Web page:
Wednesday, December 31, 2008

Sunny Days

Cold, sunny days are great for construction. If we could just hold the precipitation off until the end of January, the shell of our log home would be complete and under roof.This week the logs for the first floor are finished. On Friday, after New Years Day, a crane will arrive to lift the beams into place. These beams will hold up the second floor loft.....and the main beams are HUGE! You can see the cut outs on the top logs for the ceiling beams.

Tuesday, December 30, 2008

Goatie Treats

Who would have guessed that the pine trees that were felled by last week's ice storm would turn into goatie treats? Amazingly, our goaties love munching the tender pine needles!

Even better than a tasty treat, though, is a chin scratching!


This is our friendliest goat of all.....Spider. Spider was born with contractures in all of his leg muscles...that is, his legs were all stuck in a bent position....unable to stand or walk. Thanks to the great care of Doctor Becky, he is now a proud, athletic goat and one of our favorites! And to think at one point we feared losing him.

Sunday, December 28, 2008




Cleaning Up

Christmas Eve's ice storm left us with a few fallen trees and limbs.Cleaning up was a necessity as one of the trees had fallen over the lane from the barn to the house. This road will be used tomorrow for delivery of our log home beams.Construction continued the day after Christmas. All of the walls seen in the previous pictures were finished up to the level of the beams (ceiling). It is more exciting than I could have imagined. Even though we know this house so well on paper....as it goes up, each little step has surprises along the way.

I was looking at the window frames yesterday, and was amazed at just how enormous the windows are. On paper, they just don't seem so big. It is all good, though, as I like a lot of natural light and the windows are of a good quality and energy efficient.

Tuesday, December 23, 2008

Two days of clear weather, and more logs have gone up. The first floor is not quite complete...but getting a little further along each day. Eventually the inside and the outside of the logs will be stained a bit darker.




A view of the front of the house....lots of doors and big windows on the main floor.
The excavator back-filled around the foundation. Final grading will include digging out the area in front of the lower level door and windows and sloping that area down through the front yard for adequate drainage.
The front of the house has a bumped-out area. Two large French doors will provide lots of light and a wonderful view. Above each of those doors will be trapezoidal windows giving even more light.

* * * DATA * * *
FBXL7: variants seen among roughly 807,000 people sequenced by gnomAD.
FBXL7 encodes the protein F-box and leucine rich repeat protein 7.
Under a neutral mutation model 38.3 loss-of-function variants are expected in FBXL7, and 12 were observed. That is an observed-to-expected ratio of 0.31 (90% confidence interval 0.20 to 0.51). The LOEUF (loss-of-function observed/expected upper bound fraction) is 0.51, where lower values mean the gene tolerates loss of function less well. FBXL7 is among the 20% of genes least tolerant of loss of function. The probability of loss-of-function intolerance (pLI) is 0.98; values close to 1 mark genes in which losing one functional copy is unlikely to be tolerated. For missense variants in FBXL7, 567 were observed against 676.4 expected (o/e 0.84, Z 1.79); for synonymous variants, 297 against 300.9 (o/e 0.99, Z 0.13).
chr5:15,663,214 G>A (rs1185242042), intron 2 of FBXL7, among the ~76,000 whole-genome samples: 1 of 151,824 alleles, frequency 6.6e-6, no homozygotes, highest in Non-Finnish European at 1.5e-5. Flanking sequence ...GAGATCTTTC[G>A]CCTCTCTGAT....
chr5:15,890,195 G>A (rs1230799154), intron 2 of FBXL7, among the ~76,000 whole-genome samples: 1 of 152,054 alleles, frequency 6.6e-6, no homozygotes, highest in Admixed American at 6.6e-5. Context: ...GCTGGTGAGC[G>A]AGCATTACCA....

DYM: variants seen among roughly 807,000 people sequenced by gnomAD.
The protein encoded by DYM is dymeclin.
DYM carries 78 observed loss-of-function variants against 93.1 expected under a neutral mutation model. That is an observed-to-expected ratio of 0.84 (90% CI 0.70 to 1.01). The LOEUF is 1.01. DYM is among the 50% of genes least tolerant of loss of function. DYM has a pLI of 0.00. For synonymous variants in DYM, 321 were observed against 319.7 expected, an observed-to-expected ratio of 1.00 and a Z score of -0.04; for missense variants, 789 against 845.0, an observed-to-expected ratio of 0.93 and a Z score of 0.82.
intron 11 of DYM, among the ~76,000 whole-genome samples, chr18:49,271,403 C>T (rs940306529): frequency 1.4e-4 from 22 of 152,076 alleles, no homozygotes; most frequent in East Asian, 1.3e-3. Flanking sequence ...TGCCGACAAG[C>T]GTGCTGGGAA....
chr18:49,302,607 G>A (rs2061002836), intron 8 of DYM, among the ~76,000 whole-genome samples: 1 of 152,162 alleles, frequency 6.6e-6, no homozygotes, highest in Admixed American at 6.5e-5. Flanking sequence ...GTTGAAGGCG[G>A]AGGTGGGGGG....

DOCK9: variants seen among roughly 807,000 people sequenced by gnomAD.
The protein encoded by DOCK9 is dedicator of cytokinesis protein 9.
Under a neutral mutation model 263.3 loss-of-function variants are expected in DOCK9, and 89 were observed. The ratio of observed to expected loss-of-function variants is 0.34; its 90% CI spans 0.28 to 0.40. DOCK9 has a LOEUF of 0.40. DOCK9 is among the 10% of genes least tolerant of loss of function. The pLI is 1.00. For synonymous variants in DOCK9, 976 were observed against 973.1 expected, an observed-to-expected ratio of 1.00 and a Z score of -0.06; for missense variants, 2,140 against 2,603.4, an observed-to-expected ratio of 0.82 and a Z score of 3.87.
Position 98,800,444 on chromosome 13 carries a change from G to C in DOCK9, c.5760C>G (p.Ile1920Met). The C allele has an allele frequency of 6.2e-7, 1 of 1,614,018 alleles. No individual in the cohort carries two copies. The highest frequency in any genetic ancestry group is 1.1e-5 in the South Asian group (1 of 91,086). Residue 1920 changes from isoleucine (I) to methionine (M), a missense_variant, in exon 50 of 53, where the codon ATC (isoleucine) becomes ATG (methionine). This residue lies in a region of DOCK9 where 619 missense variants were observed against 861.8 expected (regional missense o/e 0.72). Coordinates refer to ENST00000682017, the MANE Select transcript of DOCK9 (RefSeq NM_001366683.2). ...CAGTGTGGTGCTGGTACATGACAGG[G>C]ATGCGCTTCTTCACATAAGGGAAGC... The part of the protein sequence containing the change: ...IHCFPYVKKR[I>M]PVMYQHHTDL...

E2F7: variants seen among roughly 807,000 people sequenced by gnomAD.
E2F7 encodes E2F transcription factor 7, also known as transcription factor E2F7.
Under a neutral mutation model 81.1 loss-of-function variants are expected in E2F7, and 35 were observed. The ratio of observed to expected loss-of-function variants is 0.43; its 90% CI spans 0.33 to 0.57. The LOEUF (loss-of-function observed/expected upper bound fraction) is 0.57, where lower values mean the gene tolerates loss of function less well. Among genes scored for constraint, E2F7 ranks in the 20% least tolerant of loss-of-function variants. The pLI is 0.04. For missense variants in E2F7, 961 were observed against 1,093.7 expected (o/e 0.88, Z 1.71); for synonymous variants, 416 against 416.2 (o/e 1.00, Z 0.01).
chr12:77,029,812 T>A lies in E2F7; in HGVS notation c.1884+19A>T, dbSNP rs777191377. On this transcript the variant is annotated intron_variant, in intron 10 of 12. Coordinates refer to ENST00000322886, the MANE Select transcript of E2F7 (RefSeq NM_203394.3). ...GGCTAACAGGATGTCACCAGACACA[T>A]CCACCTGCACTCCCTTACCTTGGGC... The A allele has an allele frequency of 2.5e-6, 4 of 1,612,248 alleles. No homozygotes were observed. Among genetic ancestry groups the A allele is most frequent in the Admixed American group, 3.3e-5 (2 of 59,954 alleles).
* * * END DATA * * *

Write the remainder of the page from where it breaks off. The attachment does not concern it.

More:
Sunday, December 21, 2008

Bitter Winter Winds

Winter arrived today with a frigid blast of wind and snow showers. This is our little A-frame cottage that serves as home on the farm until construction of our log home is complete. We have replaced the windows with ones that will match the log home's and the exterior of this little cottage will be covered with Log siding to match the exterior of the farm house. This Spring I will paint the front door green to match the windows. It remains a work in progress. It is toasty warm and quite homey inside....so much so, that leaving it at 6 AM to attend to chores is a bit difficult.

Cold weather never seems to be a hardship for the animals...they weather the winter winds quite well.

Ample supplies of hay and feed help all to fight Winter's chill.


Even the ducks seem unaffected by the cold....continuing to paddle around all winter long.

Friday, December 19, 2008

Yesterday was quite a productive day on the construction site. The cement truck finally arrived and poured our basement concrete....which remains tucked safely under a warm blanket.


Log placement began and you can see our back wall starting to take shape. As you look at this wall from left to right, you see the small window frame for the laundry room. To the right of that is the window frame that will house my garden window over the kitchen sink. Continuing on to the right is the sliding glass door frame that will open onto the screen porch and then the sliding second set of sliding glass doors in the dining room that will open onto a deck. To the right of that is a window in the study and finally on the far right is the frame for the French door in our master bedroom that will also open onto the back deck.